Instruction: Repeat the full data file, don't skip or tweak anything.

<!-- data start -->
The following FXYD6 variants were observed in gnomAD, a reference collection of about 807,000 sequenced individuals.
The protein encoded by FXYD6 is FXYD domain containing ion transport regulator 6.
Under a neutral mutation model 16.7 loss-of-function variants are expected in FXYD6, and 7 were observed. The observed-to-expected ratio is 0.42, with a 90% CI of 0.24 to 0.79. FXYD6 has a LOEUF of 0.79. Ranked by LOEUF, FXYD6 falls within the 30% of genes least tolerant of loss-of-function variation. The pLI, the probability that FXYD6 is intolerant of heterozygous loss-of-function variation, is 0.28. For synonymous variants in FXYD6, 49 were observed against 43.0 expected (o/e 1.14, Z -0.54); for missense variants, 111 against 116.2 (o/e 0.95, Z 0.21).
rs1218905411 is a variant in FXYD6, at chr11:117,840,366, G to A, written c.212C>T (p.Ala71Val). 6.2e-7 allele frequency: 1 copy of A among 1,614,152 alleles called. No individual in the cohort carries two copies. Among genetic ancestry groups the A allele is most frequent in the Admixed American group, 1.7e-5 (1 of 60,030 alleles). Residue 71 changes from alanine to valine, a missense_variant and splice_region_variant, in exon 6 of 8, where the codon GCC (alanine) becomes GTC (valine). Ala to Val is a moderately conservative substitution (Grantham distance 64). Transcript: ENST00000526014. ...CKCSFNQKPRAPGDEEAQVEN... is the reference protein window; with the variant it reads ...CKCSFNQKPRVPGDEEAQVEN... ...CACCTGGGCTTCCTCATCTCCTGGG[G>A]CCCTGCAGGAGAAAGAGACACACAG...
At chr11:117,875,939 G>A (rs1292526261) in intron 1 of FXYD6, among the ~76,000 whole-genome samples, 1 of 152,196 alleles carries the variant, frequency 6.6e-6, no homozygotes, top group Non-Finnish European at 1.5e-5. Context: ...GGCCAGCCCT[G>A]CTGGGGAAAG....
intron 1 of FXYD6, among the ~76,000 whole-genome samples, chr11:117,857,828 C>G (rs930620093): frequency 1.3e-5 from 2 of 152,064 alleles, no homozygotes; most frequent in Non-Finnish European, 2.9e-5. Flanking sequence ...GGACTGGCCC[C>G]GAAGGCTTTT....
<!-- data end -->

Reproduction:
The following FXYD6 variants were observed in gnomAD, a reference collection of about 807,000 sequenced individuals.
The protein encoded by FXYD6 is FXYD domain containing ion transport regulator 6.
Under a neutral mutation model 16.7 loss-of-function variants are expected in FXYD6, and 7 were observed. The observed-to-expected ratio is 0.42, with a 90% CI of 0.24 to 0.79. FXYD6 has a LOEUF of 0.79. Ranked by LOEUF, FXYD6 falls within the 30% of genes least tolerant of loss-of-function variation. The pLI, the probability that FXYD6 is intolerant of heterozygous loss-of-function variation, is 0.28. For synonymous variants in FXYD6, 49 were observed against 43.0 expected (o/e 1.14, Z -0.54); for missense variants, 111 against 116.2 (o/e 0.95, Z 0.21).
rs1218905411 is a variant in FXYD6, at chr11:117,840,366, G to A, written c.212C>T (p.Ala71Val). 6.2e-7 allele frequency: 1 copy of A among 1,614,152 alleles called. No individual in the cohort carries two copies. Among genetic ancestry groups the A allele is most frequent in the Admixed American group, 1.7e-5 (1 of 60,030 alleles). Residue 71 changes from alanine to valine, a missense_variant and splice_region_variant, in exon 6 of 8, where the codon GCC (alanine) becomes GTC (valine). Ala to Val is a moderately conservative substitution (Grantham distance 64). Transcript: ENST00000526014. ...CKCSFNQKPRAPGDEEAQVEN... is the reference protein window; with the variant it reads ...CKCSFNQKPRVPGDEEAQVEN... ...CACCTGGGCTTCCTCATCTCCTGGG[G>A]CCCTGCAGGAGAAAGAGACACACAG...
At chr11:117,875,939 G>A (rs1292526261) in intron 1 of FXYD6, among the ~76,000 whole-genome samples, 1 of 152,196 alleles carries the variant, frequency 6.6e-6, no homozygotes, top group Non-Finnish European at 1.5e-5. Context: ...GGCCAGCCCT[G>A]CTGGGGAAAG....
intron 1 of FXYD6, among the ~76,000 whole-genome samples, chr11:117,857,828 C>G (rs930620093): frequency 1.3e-5 from 2 of 152,064 alleles, no homozygotes; most frequent in Non-Finnish European, 2.9e-5. Flanking sequence ...GGACTGGCCC[C>G]GAAGGCTTTT....